© Reuters. FILE PHOTO: Boeing 737 MAX-10 lands over the Spirit AeroSystems logo during a flying display at the 54th International Paris Air Show at Le Bourget Airport near Paris, France, June 22, 2023. REUTERS/Benoit Tessier/File Photo

By Valerie Insinna

WASHINGTON (Reuters) -Spirit AeroSystems said it would begin resuming operations at its plant in Wichita, Kansas, on Friday, after union workers on Thursday voted to accept a new contract and end a strike that led to a week-long work stoppage.

Following a vote where union employees represented by the International Association of Machinists and Aerospace Workers (IAM) agreed to a four-year deal, Spirit said it would closely coordinate with its suppliers and customers as it fully restarts production on July 5.

The rejection of a previous offer on June 21 sent shockwaves through the aviation industry, as Spirit is a lynchpin for the U.S. aerospace sector, making major aerostructures for American manufacturer Boeing (NYSE:) and its European rival Airbus.

Its Wichita plant is especially critical for Boeing, as workers at the site manufacture the entire body of its bestselling 737 MAX, as well as the forward fuselage of most other Boeing jets. It also produces pylons for the Airbus A220.

The new four-year contract, which union leaders endorsed on Tuesday, includes additional wage increases, allowed employees to keep their current health care plans and eradicated mandatory overtime on the weekends – three features that workers had earmarked as priorities for a deal.

The agreement is a boon for Boeing, which is on the verge of increasing MAX production from 31 jets to 38 jets per month. Boeing Commercial Airplanes CEO Stan Deal said on June 18 the production ramp was set to occur “pretty soon.”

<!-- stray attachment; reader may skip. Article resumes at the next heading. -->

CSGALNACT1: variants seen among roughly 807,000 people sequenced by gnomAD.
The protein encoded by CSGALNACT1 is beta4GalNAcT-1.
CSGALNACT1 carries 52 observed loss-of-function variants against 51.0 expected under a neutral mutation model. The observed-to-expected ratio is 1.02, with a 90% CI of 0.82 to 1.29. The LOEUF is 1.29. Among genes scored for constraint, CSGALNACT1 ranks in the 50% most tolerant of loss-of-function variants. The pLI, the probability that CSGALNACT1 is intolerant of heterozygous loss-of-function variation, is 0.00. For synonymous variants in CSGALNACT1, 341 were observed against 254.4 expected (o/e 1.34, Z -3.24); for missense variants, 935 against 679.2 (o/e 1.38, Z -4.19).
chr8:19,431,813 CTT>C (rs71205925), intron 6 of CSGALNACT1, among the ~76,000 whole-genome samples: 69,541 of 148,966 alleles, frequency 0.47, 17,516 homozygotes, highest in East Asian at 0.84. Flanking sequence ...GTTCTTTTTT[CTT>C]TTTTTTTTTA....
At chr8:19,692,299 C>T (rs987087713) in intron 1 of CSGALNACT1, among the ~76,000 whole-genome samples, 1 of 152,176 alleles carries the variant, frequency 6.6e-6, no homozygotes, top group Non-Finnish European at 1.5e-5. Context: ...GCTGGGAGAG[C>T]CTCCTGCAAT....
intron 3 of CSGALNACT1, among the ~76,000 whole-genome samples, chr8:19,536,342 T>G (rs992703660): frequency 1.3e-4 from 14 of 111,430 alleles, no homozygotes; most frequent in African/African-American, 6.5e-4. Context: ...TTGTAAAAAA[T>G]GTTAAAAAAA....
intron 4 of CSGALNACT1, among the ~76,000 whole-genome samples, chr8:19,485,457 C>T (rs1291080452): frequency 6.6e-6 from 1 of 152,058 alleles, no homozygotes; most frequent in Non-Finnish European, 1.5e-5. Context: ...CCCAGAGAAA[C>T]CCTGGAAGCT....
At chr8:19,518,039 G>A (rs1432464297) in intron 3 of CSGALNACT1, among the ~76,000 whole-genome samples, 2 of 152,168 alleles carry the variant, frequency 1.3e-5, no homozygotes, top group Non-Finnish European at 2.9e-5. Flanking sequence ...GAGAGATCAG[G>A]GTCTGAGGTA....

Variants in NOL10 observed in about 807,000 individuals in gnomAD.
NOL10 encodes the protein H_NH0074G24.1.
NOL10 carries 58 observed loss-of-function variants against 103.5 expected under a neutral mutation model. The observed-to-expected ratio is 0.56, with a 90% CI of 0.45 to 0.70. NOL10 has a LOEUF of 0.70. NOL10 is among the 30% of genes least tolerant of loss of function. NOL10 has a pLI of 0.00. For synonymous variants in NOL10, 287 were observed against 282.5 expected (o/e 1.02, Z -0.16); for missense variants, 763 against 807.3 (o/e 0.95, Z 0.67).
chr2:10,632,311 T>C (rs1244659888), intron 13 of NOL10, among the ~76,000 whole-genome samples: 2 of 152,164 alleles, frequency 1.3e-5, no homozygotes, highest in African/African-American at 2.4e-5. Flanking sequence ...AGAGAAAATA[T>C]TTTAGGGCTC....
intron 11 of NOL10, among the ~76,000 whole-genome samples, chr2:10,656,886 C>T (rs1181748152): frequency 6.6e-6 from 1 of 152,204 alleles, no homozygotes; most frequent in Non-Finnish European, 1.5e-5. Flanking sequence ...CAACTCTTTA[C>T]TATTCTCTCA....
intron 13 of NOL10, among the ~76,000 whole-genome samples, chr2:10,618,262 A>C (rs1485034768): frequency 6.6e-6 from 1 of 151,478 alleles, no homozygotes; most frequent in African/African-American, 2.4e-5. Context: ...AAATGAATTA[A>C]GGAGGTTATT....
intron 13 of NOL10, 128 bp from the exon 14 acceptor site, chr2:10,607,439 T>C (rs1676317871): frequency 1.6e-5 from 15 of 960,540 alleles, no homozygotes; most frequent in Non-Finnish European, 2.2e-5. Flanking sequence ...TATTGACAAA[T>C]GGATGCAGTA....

Deal, in a statement to Boeing’s workforce after the contract ratification, said the company continued to assess potential impacts to production or deliveries.

Although Boeing maintains some buffer inventory, analysts had warned a prolonged strike could have forced the company to slow or stop MAX production. Cowen analyst Cai von Rumohr wrote in a June 22 note to clients that a two- to three-week work stoppage could start to impact 737 output.

Michel Merluzeau, director of aerospace market analysis for AIR consulting group, said the agreement “provides some degree of stability” as Boeing looks forward to negotiations with its Seattle-area machinists union next year.

It also resolves a major dilemma for Spirit, which has been under financial pressure and expects to burn cash this year. The company has been the source of several high-profile production defects on Boeing jets, such the incorrect installation of a bracket on the 737’s vertical tail.



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